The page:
Have you every worked with a student with Selective Mutism? In my 34 year teaching career, I’ve come across only one student with this issue – she was one of my greatest challenges and also one of my greatest rewards! I’ll call her Ann.
Ann first came to my attention in June when I was covering the Kindergarten classroom so the teacher could get her end-of-year screeners completed. We were discussing a story and I asked Ann a question. Several classmates immediately called out, “Ann doesn’t talk”. I let it go, but made a mental note to ask the teacher about her. Sure enough, Ann had not said a single word in her classroom since arriving early in the school year! Because she had come from another country and English was not her first language, the classroom teacher felt it was more of an adjustment issue and she would come around in time. I was most concerned that she wouldn’t come around unless we started some intervention. I had Mom in for a meeting and shared my concerns – Mom reported that Ann was very verbal at home and didn’t have any language problems in her native language. She felt that perhaps it could have stemmed from an incident in her pre-school where the teacher had insisted they be silent in class – Ann had definitely taken this to heart!
Her mother, Grade 1 teacher and I connected early in September and decided that I would do some one-to-one work with her to try to get a picture of what we needed to do to best support her. I knew I couldn’t just work on getting her to talk – I needed to show her that we were going to work on some skills together and the talking was secondary. My strategy focused on developing trust, while teaching her the letters sounds. In our very first session together, I introduced her to Itchy and the alphabet program we were going to use. I read the story for /c/ and brought out the Alphabet Book to show her the connection between the cookie and the /c/. I made the sound for /c/ and asked her if she could say it. She did!! I got one /c/ sound out of her that day and was thrilled!
The second day, we did a little activity sheet together and she repeated some /c/ words for me. More progress! Through the next few days and weeks, she moved from words to sentences and began conversing with me on a daily basis. I discovered a delightful little girl with a good sense of humour. However, she still refused to speak in the classroom. I would go down to the staff room and share something Ann had told me and her classroom teacher would shake her head in disbelief. How to transfer this to the classroom??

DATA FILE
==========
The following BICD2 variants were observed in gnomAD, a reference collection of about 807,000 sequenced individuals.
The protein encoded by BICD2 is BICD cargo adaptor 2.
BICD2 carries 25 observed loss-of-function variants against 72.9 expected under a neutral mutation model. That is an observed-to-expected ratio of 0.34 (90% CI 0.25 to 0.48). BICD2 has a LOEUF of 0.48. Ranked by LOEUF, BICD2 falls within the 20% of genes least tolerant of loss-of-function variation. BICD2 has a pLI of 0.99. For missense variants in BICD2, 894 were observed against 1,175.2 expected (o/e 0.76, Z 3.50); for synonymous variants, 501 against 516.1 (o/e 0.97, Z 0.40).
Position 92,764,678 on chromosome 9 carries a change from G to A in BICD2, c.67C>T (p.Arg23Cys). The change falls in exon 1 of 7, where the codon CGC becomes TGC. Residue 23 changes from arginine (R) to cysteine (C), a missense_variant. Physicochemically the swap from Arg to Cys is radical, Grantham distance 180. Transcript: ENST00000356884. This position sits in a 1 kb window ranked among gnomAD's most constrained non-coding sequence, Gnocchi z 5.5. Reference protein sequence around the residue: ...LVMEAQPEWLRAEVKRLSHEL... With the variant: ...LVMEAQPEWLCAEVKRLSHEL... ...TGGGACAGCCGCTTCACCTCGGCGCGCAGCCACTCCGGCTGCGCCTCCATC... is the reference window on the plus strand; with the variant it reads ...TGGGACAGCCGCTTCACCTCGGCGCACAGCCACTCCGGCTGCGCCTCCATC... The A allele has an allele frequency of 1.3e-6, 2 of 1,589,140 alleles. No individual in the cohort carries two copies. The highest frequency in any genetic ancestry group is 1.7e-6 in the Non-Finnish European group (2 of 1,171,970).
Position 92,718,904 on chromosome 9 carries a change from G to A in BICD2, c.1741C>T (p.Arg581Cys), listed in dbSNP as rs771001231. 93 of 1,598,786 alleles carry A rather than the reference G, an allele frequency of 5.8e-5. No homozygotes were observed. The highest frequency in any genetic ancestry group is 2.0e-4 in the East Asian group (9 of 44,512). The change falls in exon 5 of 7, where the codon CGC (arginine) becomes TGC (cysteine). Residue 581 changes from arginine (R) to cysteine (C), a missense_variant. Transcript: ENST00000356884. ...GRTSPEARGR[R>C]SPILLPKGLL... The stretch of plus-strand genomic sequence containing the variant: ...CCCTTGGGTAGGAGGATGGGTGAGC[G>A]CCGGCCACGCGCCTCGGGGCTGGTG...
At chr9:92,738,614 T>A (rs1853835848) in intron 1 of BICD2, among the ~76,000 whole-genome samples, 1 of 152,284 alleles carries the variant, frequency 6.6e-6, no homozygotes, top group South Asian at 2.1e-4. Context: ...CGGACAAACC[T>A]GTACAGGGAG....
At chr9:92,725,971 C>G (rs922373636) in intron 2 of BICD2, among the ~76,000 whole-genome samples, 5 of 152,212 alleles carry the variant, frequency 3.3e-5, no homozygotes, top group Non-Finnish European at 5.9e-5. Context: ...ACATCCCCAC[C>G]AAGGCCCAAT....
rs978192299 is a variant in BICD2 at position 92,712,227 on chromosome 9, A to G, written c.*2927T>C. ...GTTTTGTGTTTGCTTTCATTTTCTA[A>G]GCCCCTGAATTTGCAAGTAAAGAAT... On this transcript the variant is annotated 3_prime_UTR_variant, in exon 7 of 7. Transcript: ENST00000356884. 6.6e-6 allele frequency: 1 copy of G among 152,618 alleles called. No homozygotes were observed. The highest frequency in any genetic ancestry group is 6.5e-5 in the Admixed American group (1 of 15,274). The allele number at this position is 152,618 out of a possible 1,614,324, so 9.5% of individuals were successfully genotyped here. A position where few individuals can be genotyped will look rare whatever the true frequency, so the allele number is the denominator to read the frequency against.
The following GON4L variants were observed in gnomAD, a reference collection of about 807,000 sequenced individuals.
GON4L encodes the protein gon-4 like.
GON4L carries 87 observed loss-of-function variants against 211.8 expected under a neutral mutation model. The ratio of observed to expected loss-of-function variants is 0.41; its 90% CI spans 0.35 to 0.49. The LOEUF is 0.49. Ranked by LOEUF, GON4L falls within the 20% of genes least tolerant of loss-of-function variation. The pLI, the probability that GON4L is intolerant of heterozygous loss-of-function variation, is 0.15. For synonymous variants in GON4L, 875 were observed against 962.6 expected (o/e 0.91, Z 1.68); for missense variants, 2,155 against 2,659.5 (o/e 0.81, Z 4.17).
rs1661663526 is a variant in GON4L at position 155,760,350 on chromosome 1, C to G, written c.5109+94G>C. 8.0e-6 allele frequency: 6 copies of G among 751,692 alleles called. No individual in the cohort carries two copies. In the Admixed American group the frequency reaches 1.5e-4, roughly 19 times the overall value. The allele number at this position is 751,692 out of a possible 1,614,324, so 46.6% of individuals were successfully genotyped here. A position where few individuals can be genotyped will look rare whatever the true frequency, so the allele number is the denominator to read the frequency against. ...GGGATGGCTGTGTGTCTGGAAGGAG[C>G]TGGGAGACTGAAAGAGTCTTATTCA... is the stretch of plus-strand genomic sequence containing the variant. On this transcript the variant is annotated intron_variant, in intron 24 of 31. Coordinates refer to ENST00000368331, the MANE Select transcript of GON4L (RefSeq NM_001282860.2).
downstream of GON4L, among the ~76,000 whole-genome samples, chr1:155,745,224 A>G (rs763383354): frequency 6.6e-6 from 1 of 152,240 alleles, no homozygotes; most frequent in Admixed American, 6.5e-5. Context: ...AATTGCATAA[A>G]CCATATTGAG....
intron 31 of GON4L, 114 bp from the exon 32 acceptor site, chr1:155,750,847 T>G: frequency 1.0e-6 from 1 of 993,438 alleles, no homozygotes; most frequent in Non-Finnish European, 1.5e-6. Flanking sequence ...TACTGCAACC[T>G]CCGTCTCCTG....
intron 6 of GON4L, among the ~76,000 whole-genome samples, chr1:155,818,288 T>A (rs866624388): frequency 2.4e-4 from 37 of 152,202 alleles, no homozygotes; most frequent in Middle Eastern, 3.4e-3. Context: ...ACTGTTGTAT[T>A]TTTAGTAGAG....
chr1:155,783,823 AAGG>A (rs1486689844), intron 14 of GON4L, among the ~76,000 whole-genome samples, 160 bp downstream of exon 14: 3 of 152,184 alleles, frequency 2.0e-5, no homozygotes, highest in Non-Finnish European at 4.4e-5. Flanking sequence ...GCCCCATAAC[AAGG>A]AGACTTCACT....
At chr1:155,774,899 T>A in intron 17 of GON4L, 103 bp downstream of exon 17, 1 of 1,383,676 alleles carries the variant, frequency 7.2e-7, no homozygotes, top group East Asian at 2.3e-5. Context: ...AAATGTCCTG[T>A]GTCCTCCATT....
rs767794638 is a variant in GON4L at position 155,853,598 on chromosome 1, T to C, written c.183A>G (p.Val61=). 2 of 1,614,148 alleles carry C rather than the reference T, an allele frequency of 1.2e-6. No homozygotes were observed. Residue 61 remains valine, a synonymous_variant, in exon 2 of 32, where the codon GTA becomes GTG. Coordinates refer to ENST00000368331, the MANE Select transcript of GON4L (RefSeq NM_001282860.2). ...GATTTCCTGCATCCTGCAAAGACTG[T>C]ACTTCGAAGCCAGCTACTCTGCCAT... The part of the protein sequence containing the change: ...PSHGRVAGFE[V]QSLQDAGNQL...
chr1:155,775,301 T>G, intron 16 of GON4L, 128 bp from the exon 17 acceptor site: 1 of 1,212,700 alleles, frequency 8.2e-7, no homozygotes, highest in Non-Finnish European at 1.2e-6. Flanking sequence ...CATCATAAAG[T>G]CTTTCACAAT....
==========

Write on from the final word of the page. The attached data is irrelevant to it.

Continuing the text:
I knew Ann had developed a friendship with another English Language Learner in her classroom (I’ll call her Lisa) so I asked her one day if she would like to invite Lisa to come down and play some letter games with her because Lisa needed to practice her letters too. She thought that was a good idea and we embarked on the next part of our journey. Ann and Lisa worked ever-so-well together and were such fun to work with. In fact, they would become quite exuberant in my room and I’d frequently have to quieten them down! Still no carry over to the classroom – what next? We tried inviting two other students down to join our group and she would talk with them in my room but not back in the classroom.
I decided to try something different. I knew Ann’s teacher was feeling badly that Ann would talk to me and not her so I shared that with Ann one day. Without putting any pressure on her, I suggested that maybe we could invite her teacher down to see the work she was doing in my room and they could play a game together. She had to think about that one for a few days, but finally agreed that we should do it. Big success!! We did it a few more times to get her comfortable interacting with her teacher in my room.
The next step was talking to Ann about communicating with her teacher in the classroom. We asked her if she thought she could verbally ask to go to the washroom and she agreed to try that. More progress! We took very small steps through this time, supporting, encouraging but never pressuring. The last thing we wanted was an incident that could set her back.
It wasn’t long before she was comfortable asking for other things and would interact verbally with her teacher and fellow students. By late Spring, Ann was participating verbally in all classroom activities – her selective mutism was a thing of the past and she was a happy, productive member of her class!
What a sense of accomplishment!
In looking back, the key steps to that success were:
- I didn’t put any pressure on her – she knew it would have been just fine if she hadn’t responded
- I kept our times together fun
- I let her know, through my actions and my body language, that I liked her and that she was safe with me
Not long ago, I shared an article on this topic on Facebook. Here is the link to the article: http://www.telegraph.co.uk/wellbeing/health-advice/selective-mutism-health-parent-child-advice/?utm_content=buffer2d034&utm_medium=social&utm_source=facebook.com&utm_campaign=buffer